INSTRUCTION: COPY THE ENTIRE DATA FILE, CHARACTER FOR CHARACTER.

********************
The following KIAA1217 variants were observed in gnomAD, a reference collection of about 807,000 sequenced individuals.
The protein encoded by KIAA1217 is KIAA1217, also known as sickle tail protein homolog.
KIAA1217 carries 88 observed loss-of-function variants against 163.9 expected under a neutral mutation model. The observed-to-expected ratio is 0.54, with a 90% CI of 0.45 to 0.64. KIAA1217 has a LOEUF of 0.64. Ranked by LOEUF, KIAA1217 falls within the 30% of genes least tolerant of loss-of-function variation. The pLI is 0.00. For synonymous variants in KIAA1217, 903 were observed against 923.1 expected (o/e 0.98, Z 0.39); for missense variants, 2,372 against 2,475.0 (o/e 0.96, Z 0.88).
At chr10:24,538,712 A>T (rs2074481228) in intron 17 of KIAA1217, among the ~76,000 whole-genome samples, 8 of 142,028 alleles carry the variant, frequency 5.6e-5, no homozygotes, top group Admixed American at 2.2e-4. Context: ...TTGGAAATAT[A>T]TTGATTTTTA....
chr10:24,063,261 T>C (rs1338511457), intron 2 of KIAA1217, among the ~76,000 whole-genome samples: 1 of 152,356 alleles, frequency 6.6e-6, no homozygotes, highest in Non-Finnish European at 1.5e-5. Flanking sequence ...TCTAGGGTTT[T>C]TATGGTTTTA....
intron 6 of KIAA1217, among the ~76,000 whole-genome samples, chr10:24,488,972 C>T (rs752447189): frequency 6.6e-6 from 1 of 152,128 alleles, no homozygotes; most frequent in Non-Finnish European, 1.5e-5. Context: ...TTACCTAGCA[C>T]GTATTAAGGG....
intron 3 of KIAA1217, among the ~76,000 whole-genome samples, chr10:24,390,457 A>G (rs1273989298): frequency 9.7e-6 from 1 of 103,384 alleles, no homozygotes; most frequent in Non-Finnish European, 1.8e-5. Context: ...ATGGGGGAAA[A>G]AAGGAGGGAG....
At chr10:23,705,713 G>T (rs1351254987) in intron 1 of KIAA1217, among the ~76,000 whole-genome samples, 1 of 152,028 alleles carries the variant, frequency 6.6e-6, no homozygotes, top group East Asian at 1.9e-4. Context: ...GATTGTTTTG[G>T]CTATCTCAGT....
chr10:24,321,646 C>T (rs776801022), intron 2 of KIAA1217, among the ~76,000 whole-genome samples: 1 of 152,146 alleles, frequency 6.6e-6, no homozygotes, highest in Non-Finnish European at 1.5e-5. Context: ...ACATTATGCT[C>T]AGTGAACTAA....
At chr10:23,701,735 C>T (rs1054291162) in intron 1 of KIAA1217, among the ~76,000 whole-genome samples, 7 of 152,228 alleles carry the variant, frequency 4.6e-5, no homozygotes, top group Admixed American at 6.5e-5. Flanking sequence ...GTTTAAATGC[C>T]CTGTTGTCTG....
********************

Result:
The following KIAA1217 variants were observed in gnomAD, a reference collection of about 807,000 sequenced individuals.
The protein encoded by KIAA1217 is KIAA1217, also known as sickle tail protein homolog.
KIAA1217 carries 88 observed loss-of-function variants against 163.9 expected under a neutral mutation model. The observed-to-expected ratio is 0.54, with a 90% CI of 0.45 to 0.64. KIAA1217 has a LOEUF of 0.64. Ranked by LOEUF, KIAA1217 falls within the 30% of genes least tolerant of loss-of-function variation. The pLI is 0.00. For synonymous variants in KIAA1217, 903 were observed against 923.1 expected (o/e 0.98, Z 0.39); for missense variants, 2,372 against 2,475.0 (o/e 0.96, Z 0.88).
At chr10:24,538,712 A>T (rs2074481228) in intron 17 of KIAA1217, among the ~76,000 whole-genome samples, 8 of 142,028 alleles carry the variant, frequency 5.6e-5, no homozygotes, top group Admixed American at 2.2e-4. Context: ...TTGGAAATAT[A>T]TTGATTTTTA....
chr10:24,063,261 T>C (rs1338511457), intron 2 of KIAA1217, among the ~76,000 whole-genome samples: 1 of 152,356 alleles, frequency 6.6e-6, no homozygotes, highest in Non-Finnish European at 1.5e-5. Flanking sequence ...TCTAGGGTTT[T>C]TATGGTTTTA....
intron 6 of KIAA1217, among the ~76,000 whole-genome samples, chr10:24,488,972 C>T (rs752447189): frequency 6.6e-6 from 1 of 152,128 alleles, no homozygotes; most frequent in Non-Finnish European, 1.5e-5. Context: ...TTACCTAGCA[C>T]GTATTAAGGG....
intron 3 of KIAA1217, among the ~76,000 whole-genome samples, chr10:24,390,457 A>G (rs1273989298): frequency 9.7e-6 from 1 of 103,384 alleles, no homozygotes; most frequent in Non-Finnish European, 1.8e-5. Context: ...ATGGGGGAAA[A>G]AAGGAGGGAG....
At chr10:23,705,713 G>T (rs1351254987) in intron 1 of KIAA1217, among the ~76,000 whole-genome samples, 1 of 152,028 alleles carries the variant, frequency 6.6e-6, no homozygotes, top group East Asian at 1.9e-4. Context: ...GATTGTTTTG[G>T]CTATCTCAGT....
chr10:24,321,646 C>T (rs776801022), intron 2 of KIAA1217, among the ~76,000 whole-genome samples: 1 of 152,146 alleles, frequency 6.6e-6, no homozygotes, highest in Non-Finnish European at 1.5e-5. Context: ...ACATTATGCT[C>T]AGTGAACTAA....
At chr10:23,701,735 C>T (rs1054291162) in intron 1 of KIAA1217, among the ~76,000 whole-genome samples, 7 of 152,228 alleles carry the variant, frequency 4.6e-5, no homozygotes, top group Admixed American at 6.5e-5. Flanking sequence ...GTTTAAATGC[C>T]CTGTTGTCTG....